How often do we find ourselves grumbling over .py file style in PRs on
github? If the answer to that isn't very often, the rest of my response
below seems moot. :)
On Wed, Feb 21, 2018 at 7:30 PM Guido van Rossum <gu...@python.org> wrote:
> Where I work we have some teams using flake8 and some teams that use
> pylint, and while pylint is more thorough, it is also slower and pickier,
> and the general sense is to strongly prefer flake8.
> I honestly expect that running either with close-to-default flags on
> stdlib code would be a nightmare, and I wouldn't want *any* directives for
> either one to appear in stdlib code, ever.
> In some ideal future all code would just be reformatted before it's
> checked in -- we're very far from that, and I used to be horrified by the
> very idea, but in the Go world this is pretty much standard practice, and
> the people at work who are using it are loving it. So I'm trying to have an
> open mind about this. But there simply isn't a tool that does a good enough
> job of this.
I don't know the specifics of your idea of "a good enough job of this" for
an auto-formatter is (we'd need to settle on that definition in a PEP)..
but there is for my definition: yapf <https://pypi.python.org/pypi/yapf>.
Many teams require it pre-check-in for their code at Google these days. We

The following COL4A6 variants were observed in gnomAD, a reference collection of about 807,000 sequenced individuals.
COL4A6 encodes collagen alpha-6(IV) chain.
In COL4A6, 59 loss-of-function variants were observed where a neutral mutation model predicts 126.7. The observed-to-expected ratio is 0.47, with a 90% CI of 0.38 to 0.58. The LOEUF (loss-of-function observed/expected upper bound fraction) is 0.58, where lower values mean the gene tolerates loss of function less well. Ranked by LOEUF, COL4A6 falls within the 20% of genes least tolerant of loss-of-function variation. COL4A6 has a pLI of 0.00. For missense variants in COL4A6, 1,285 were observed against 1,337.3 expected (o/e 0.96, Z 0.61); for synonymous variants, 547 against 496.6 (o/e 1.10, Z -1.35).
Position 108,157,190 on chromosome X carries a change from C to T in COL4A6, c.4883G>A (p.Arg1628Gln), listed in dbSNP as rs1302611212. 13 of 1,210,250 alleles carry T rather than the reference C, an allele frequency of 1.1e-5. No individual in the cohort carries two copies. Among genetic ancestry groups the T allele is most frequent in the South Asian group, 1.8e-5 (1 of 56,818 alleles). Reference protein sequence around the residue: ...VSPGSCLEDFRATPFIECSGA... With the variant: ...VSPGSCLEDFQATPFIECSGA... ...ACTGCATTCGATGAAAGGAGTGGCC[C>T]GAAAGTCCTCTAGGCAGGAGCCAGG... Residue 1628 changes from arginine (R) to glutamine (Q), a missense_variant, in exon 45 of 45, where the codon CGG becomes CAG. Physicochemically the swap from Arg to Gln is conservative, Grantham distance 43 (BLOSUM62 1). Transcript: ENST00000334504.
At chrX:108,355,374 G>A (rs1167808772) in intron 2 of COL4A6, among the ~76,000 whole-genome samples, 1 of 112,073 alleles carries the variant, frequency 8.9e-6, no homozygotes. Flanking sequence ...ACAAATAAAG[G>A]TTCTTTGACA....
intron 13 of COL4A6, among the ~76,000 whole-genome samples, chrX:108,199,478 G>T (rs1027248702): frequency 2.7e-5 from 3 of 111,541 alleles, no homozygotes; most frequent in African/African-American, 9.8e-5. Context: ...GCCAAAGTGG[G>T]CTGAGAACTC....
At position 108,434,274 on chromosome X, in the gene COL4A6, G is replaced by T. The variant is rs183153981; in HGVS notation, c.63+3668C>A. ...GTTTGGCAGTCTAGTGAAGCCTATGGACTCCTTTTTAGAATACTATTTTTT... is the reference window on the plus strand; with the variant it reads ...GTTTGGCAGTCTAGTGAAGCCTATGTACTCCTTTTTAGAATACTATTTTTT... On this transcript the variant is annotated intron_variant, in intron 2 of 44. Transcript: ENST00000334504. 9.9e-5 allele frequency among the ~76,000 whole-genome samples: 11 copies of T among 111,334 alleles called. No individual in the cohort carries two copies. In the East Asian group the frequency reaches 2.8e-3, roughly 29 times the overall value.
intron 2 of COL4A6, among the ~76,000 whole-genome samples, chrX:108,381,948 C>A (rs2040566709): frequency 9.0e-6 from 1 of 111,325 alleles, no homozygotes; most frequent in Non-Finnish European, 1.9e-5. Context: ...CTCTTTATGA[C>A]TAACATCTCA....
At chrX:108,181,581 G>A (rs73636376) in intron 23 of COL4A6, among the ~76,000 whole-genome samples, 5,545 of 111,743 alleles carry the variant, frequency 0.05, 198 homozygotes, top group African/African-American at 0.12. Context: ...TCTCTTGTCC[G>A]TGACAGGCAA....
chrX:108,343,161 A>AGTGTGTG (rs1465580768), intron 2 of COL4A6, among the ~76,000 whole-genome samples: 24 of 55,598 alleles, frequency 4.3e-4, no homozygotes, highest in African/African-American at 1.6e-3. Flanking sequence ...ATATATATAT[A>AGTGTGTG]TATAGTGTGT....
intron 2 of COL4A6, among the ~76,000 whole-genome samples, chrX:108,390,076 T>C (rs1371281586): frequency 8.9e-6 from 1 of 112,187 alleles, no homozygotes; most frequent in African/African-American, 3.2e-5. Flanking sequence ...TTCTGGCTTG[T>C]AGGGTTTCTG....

also use it for auto-reformatting of surrounding lines of code during all
sorts of mass-refactorings. IIRC Lukas said Instagram/Facebook adopted it
as standard practice as well.
Some teams go all the way to enforce a "yapf must suggest no changes to the
edited areas of .py files" pre-submit error on their projects.
As Eric (and I believe Lukas in the past) has mentioned: auto formatters
don't have to produce mythical(*) "perfect" style the way individuals might
choose - they need to be good enough to keep people from arguing about
style with one another. That's the productivity and consistency win.
What we need now is not more opinions on which formatter or linter is best.
> We need someone to actually do some work and estimate how much code would
> be changed if we ran e.g. tabnanny.py (or something more advanced!) over
> the entire stdlib, how much code would break (even the most conservative
> formatter sometimes breaks code that wasn't expecting to be reformatted --
> e.g. we used to have tests with significant trailing whitespace), and how
> often the result would be just too ugly to look at. If you're not willing
> to work on that, please don't respond to this thread.
Indeed. There are at *least* four Python style and gotcha checkers in wide
use for Python code out there today. Prematurely picking one up front
rather than coming up for criteria of which limited set of things we would
want and could practically use on the stdlib + testsuite seems wrong.
I've added "run yapf on all of CPython's .py files" to my list of things to
explore (or encourage someone else to) some day...
(*) caveat: Given that Guido has obtained History status
<https://twitter.com/gvanrossum/status/966346442477510657> and is BDFL he
can define mythical perfect style
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